Thomas McGuire, an Irishman, probably taught the first school about 1810, in a cabin which stood near the deserted Colt's Station. A year or two later Samuel Garwood held a term in the southeast part of the township. Educational advantages, however, were extremely meager. A schoolhouse was built in 1818 two miles south of the center near the Crockett Schoolhouse. It was a log building 14x16, with stick and mud chimney, fire place at one side, door on opposite side and hung on wooden hinges, puncheon floor, windows 2Ox30 inches, cut through the logs, with greased paper in place of glass, and the entire building constructed without iron nails. Messrs. Smith, Spaulding and Marshall were its early teachers. The wages averaged about $8 per month, and payment was made in pork, butter, potatoes and other commodities. In 1820 a similar house was built at Penn Line, and the year following another, a mile northeast of Summit Station.

An early society of Friends or Quakers had existence in the township. It included in its membership Stephen and Joseph Fish, Cornelius Lawson, Amos Line, William Hill, David Ladner, Peter Thorn, Isaac Paden, John Rushmore, and others to about the number of thirty. Meetings were held at Mr. Lawson's dwelling until about 1840, when a log church was erected in the northeast corner of Tract 724, where the church burial-ground is still preserved. A few years later the society disbanded.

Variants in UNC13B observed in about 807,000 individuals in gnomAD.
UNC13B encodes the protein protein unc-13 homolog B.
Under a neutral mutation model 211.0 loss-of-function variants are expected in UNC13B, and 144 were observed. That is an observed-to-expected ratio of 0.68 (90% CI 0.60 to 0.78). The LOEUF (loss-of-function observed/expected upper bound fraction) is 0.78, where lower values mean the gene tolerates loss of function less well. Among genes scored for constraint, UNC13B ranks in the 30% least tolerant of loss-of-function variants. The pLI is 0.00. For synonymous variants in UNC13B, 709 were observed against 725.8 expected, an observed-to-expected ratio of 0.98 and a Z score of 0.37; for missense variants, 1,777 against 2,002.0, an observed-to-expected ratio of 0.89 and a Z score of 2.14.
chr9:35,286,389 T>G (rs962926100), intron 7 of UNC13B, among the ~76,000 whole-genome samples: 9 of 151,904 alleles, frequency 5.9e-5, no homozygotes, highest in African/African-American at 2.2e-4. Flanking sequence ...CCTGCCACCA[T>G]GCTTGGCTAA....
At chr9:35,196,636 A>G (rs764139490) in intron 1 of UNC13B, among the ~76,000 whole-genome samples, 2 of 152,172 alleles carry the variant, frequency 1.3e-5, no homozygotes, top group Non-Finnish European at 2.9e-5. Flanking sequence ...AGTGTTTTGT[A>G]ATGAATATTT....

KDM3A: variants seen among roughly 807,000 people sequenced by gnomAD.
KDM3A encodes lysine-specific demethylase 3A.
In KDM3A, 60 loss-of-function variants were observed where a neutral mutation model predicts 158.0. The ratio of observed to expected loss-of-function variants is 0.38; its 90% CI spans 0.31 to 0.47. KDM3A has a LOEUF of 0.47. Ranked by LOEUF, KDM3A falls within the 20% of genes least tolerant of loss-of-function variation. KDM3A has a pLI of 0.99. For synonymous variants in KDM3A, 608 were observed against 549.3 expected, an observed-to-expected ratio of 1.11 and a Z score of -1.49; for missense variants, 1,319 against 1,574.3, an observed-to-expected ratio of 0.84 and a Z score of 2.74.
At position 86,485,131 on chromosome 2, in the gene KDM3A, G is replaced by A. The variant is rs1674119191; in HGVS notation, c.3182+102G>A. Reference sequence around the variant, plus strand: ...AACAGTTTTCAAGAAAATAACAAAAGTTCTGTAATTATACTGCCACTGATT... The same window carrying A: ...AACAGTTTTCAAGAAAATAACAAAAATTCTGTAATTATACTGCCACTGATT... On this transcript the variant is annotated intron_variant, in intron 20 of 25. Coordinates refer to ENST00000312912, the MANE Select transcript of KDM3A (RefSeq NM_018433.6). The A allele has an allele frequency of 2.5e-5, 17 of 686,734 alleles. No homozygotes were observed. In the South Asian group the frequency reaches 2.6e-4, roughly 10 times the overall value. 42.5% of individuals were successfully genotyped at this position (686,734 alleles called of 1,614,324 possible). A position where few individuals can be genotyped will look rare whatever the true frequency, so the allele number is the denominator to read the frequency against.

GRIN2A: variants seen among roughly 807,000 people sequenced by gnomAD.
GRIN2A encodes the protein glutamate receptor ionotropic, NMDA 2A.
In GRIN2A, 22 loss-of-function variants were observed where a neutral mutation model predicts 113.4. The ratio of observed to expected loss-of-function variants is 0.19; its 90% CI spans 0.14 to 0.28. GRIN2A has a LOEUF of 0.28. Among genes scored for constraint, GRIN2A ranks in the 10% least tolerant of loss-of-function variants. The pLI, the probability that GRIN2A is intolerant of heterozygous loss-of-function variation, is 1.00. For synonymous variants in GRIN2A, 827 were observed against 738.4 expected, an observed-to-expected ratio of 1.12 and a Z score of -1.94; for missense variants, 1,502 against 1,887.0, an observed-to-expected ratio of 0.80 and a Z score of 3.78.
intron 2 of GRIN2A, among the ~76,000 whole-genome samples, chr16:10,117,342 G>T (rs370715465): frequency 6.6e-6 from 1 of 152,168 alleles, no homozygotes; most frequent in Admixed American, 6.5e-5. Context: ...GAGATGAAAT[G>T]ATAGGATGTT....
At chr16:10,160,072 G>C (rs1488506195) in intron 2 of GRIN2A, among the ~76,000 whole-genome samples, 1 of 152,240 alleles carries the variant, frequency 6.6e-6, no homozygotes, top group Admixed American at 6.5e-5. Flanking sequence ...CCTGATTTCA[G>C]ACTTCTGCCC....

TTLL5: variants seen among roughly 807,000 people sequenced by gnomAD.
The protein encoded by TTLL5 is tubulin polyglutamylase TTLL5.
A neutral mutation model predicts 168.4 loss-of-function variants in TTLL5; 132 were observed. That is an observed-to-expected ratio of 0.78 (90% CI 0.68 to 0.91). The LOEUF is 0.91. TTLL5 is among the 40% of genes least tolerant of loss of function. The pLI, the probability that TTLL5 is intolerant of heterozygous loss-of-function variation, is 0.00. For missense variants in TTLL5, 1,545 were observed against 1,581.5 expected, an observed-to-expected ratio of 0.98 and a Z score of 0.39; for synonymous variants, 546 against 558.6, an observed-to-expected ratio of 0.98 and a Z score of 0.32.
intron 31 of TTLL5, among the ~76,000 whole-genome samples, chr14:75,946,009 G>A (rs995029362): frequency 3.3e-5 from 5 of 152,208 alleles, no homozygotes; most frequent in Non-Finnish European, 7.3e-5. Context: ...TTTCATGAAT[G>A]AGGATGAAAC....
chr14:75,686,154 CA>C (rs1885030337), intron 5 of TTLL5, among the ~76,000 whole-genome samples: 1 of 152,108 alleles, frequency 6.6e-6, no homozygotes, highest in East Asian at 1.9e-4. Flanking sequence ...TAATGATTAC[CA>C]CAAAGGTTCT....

Frey's Chapel is a Methodist Episcopal Church edifice, located in the south part of the township. The Class that worships here dates its origin back to about 1818, when it was organized with eight members. Meetings were held for many years at the cabin of Henry Frey and afterward in the schoolhouse, until 1851, when the present house of worship was erected at a cost of about S1,500. The class then belonged to Espyville Circuit. It is now a part of Linesville. The membership is about fifty.

The First Congregational Church of Conneaut was organized with seven members, May 2, 1833, by Rev. Peter Hassinger. A house of worship was erected at Conneaut Center in 1841, which was superseded by the present structure, erected in 1873, at a cost of $2,500. The first pastor was Rev. Hart; the present one Rev. H. D. Lowing, who has been in charge many years. The membership is about twenty-five.

The Methodist Episcopal Church at Steamburg was organized with about twenty members in 1867, by Rev. B. C. Smith, the first pastor. The frame church edifice was erected in 1870, at a cost of about $1,500. The membership is now quite small, not exceeding twenty. The society formerly was a part of Linesville Circuit, but in 1883 was attached to Spring.

The Erie & Pittsburgh Railroad passes north and south through the eastern part of the township. Summit, the only station in Conneaut, is about midway between the north and south line of the township. A store and a cheese factory are found here, the latter owned by Charles Corey. Center Road Station Postoffice is located here.

Penn Line Postoffice is a hamlet in the western part of Conneaut, consisting of about fifteen dwellings scattered along the road, from the State line eastward, for a distance of half a mile-a store, hotel, cheese factory, two blacksmith shops, shoe shop and schoolhouse.

Steamburg Fostoffice is a hamlet of similar size in the northern part, and contains a Methodist Church, schoolhouse, store, blacksmith shop and cheese factory.